At the beginning, we acknowledged that we were gathered on the Lenapehokink — the traditional lands of the Lenape tribal nations. Do Des Moines Valley Friends ever think about on whose land our Meetinghouse is sited? Do we have permission to be here? The Iowa Tribe was here long before us and the place where we meet is certainly stolen land. Are Friends in our meeting ready to acknowledge these truths? Would we consider putting up a plaque on our building to plainly state on whose land we gather each week for worship? I invite all of us to reflect on these questions, and many others.

The terrible harm that Quakers knowingly participated in by overseeing about thirty of the more than 350 Indian Boarding Schools in the United States needs to be studied and fully acknowledged. Emphatically, it is NOT something in the past! The trauma that we caused reverberates to this day through intergenerational impacts on families. It is long past time to consider how we are led to speak and what actions we will take today in seeking to heal both ourselves and the Indigenous Peoples whom we harmed.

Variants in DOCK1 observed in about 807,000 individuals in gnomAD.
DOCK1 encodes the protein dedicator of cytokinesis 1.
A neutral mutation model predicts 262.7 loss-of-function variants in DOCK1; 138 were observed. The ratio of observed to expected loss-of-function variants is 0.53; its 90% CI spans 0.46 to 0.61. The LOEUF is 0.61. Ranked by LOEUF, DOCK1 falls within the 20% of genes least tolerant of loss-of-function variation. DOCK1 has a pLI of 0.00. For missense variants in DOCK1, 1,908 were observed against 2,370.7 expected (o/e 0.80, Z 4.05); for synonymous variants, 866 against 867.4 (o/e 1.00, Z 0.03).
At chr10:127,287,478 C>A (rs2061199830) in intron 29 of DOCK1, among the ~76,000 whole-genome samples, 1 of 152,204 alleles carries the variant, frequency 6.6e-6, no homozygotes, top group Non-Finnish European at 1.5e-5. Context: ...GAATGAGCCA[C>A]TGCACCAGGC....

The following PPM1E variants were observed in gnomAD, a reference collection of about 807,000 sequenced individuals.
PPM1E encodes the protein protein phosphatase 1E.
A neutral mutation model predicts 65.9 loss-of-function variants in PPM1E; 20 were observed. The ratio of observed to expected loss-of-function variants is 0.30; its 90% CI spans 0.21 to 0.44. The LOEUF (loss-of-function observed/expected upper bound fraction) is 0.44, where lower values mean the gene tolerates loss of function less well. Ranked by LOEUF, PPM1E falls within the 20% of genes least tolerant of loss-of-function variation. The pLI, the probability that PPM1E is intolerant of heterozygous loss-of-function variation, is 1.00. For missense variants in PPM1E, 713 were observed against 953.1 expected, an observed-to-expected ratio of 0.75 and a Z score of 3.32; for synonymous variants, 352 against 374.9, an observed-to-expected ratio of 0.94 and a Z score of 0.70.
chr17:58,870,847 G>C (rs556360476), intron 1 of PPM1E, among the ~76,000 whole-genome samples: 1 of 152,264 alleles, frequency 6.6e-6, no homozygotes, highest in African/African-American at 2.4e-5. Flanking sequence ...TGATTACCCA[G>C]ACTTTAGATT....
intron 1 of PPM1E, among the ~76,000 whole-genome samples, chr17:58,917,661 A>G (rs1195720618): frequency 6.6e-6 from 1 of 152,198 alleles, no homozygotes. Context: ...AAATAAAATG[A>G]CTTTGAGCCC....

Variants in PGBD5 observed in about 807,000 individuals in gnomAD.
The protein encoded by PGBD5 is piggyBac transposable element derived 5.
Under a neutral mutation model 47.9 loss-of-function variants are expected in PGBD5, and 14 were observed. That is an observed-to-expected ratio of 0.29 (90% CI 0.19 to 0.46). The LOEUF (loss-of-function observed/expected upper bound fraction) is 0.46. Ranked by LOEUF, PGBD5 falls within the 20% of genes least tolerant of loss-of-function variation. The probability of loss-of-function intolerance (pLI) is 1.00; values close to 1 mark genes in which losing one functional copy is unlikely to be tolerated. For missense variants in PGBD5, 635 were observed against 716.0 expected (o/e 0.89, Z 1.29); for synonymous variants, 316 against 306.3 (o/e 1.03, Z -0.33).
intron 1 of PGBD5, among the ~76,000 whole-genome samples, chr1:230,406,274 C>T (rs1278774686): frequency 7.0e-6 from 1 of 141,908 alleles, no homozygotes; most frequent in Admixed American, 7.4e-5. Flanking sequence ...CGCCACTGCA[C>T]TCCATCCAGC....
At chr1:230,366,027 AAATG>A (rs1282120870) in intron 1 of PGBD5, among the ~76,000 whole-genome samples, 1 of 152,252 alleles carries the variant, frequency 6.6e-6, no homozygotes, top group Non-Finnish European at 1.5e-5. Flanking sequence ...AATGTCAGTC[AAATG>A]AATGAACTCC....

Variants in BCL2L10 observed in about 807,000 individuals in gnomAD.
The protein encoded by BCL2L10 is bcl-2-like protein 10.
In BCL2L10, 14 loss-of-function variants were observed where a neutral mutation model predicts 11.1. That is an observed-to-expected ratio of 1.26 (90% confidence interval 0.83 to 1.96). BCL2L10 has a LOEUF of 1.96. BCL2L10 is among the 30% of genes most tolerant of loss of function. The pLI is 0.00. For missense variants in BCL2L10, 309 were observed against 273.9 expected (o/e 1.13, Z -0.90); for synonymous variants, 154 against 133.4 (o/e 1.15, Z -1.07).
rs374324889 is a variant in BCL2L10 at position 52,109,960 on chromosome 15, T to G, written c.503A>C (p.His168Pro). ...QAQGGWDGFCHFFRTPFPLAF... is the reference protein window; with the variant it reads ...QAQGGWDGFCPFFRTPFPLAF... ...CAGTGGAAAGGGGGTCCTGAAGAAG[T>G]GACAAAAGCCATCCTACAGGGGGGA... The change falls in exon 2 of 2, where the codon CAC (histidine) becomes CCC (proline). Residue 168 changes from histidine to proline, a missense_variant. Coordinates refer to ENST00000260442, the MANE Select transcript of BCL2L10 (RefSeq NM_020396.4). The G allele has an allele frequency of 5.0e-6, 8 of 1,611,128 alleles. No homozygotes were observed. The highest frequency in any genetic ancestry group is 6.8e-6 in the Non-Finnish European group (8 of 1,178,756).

There is so much more to share. This is a start. Below is a partial description of the conference, from the Pendle Hill website:

“Both Canada and the United States of America are built on the so-called Christian Doctrine of Discovery, which purports to justify the theft of land and resources and the enslavement or destruction of many Nations. As descendants of European settlers, Quakers benefitted and benefit from this history. Even when well-intentioned, Quakers often played a paternalistic role with Indigenous Peoples, and US Quakers ran Indian Boarding Schools, enterprises designed to erase Indian language and culture from Native youth – “Kill the Indian . . . Save the Man.”